The Physical Geography of the Sea, 1st edition

This is a classic work in oceanography by Matthew Fontaine Maury, often called the "father of naval oceanography." In this treatise, Maury sought to educate curious 19th century readers about this new science of the seas by drawing upon the experience of sailors and seamen who enthusiastically shared their knowledge and observations of the ocean.

This excerpt includes the title page, pages 262 - 269, and plate 10 from the first edition of The Physical Geography of the Sea.

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Matthew Fontaine Maury is perhaps America's best-known 19th century mariner. He served as superintendent of the U.S. Naval Observatory from 1844 to 1861, where he oversaw research and observation of the Sun, moon, planets, and stars. In 1848, he published the first of the justly famous Wind and Current Charts, based on the observations of winds and currents of the oceans collected from American merchant marine and naval ships' logs. The success of this cooperative venture among seamen inspired Maury to propose an international conference on meteorology in 1853, in Brussels. Soon, a majority of the world's seafaring nations were enthusiastically sending their ships' logs to the U.S. Naval Observatory for inclusion in the Wind and Current Charts.

Isothermal chart of the Altantic Ocean showing equal lines of ocean temperature on this chart (faint and sinuous east-west lines)

The equal lines of ocean temperature on this chart (sinuous east-west lines) in Physical Geography of the Sea were generated "by actual observations made indiscriminately all over it" (p. 231). Maury asserted that such information helped to "increase our knowledge concerning the Gulf Stream, for it enables us to mark out,…the 'Milky Way' in the ocean, the waters of which teem, and sparkle, and glow with life and incipient organisms as they run across the Atlantic." (p. 231)

Exploring a New Science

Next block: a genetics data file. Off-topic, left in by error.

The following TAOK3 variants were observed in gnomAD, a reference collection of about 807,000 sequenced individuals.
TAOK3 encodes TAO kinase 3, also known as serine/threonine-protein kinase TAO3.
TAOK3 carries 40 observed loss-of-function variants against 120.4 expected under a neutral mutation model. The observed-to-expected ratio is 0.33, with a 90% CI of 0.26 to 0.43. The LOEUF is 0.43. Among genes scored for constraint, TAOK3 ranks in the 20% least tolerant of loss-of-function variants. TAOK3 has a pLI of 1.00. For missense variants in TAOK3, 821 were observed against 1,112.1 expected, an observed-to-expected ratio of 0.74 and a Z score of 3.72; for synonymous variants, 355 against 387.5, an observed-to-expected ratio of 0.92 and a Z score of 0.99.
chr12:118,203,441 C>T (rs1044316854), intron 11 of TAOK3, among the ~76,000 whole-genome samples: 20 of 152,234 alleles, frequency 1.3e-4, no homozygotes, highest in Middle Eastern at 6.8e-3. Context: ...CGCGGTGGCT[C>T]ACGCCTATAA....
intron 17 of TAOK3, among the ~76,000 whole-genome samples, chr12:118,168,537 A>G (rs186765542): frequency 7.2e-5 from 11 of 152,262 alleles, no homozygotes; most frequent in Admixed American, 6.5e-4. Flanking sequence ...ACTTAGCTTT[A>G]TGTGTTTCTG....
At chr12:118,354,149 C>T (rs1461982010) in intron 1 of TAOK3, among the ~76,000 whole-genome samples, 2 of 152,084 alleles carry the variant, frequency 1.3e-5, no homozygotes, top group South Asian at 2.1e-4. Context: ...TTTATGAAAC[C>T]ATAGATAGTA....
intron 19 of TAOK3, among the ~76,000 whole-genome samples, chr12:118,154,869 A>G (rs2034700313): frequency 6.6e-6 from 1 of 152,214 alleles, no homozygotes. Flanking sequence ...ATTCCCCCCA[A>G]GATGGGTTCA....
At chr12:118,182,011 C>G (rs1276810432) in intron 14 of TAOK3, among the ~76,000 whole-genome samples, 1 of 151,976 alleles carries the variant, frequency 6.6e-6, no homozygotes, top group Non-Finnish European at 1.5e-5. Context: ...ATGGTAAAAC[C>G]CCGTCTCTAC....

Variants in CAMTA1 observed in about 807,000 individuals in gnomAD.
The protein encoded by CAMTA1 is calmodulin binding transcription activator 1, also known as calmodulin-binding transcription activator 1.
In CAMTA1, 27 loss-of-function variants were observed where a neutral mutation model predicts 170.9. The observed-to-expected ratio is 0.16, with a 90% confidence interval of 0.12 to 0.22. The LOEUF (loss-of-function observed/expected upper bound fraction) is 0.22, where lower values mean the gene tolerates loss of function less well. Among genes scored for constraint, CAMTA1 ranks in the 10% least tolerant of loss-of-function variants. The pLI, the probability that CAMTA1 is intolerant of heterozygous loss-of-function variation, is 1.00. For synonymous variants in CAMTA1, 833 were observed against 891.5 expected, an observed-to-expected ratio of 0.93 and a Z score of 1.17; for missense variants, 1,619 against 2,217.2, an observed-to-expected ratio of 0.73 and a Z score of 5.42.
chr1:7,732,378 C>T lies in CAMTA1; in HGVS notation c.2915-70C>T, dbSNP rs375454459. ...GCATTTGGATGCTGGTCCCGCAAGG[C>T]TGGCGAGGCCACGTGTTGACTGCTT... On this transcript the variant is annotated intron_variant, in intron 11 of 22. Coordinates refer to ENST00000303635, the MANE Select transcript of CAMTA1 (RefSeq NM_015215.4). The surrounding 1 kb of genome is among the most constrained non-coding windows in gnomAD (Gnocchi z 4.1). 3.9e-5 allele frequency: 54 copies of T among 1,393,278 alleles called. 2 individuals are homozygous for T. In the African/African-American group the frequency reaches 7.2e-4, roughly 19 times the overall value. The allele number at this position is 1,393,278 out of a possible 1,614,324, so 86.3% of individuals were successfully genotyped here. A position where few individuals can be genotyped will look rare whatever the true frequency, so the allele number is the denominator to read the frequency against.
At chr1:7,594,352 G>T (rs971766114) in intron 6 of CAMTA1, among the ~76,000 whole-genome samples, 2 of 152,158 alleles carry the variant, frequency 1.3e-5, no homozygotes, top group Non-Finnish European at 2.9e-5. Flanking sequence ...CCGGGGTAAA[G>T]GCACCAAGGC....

Maury wrote The Physical Geography of the Sea to celebrate this new, collective interest in studying the oceans. This work introduced the new science of oceanography to a 19th century audience awed and fascinated by the mystery and majesty of the world's oceans. He covered subjects ranging from the Gulf Stream, the great ocean currents, whales and whalers, the Northwest Passage, coral reefs, sea salts, ocean climates, hurricanes, deep-sea sounding, and the Atlantic basin.

Eloquent Prose

While not easy for a reader of today, the treatise holds many eloquent passages that evoke Maury's passion for studying the oceans:

"So, too, when one looks out upon the face of this beautiful world, he may admire the lovely scene, but this admiration can never grow into adoration unless he will take the trouble to look behind and study, in some of its details at least, the exquisite system of machinery by which such beautiful results are accomplished. To him who does this, the sea, with its physical geography, becomes as the main spring of a watch; its waters, and its currents, and its salts, and its inhabitants, with their adaptations, as balance-wheels, cogs and pinions, and jewels." (p. 54)

And who could not be drawn to the rich imagery of Maury's compelling prose when he describes the wonders of the sea floor in the following passage:

"Could the waters of the Atlantic be drawn off, so as to expose to view this great sea-gash, which separates continents, and extends from the Arctic to the Antarctic, it would present a scene the most rugged, grand, and imposing. The very ribs of the solid earth, with the foundations of the sea, would be brought to light, and we should have presented to us at one view the empty cradle of the ocean…" (p. 208)

A Seminal Work

While many of Maury's theories advanced in this volume have since been disproved, The Physical Geography of the Sea remains one of the seminal treatises on oceanography. Nine editions of this work have been published, the latest in 1963.


  • Author: Matthew Fontaine Maury (1806-1873)
  • Date Published: 1855
  • Publisher: Harper & Brothers
  • Location: New York, New York
  • Length: 274 pages


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Related Web Sites

Matthew Fontaine Maury’s Papers at the Virginia Military Institute

Engraving of Matthew Fontaine Maury from the Naval Observatory Library

NOAA Central Library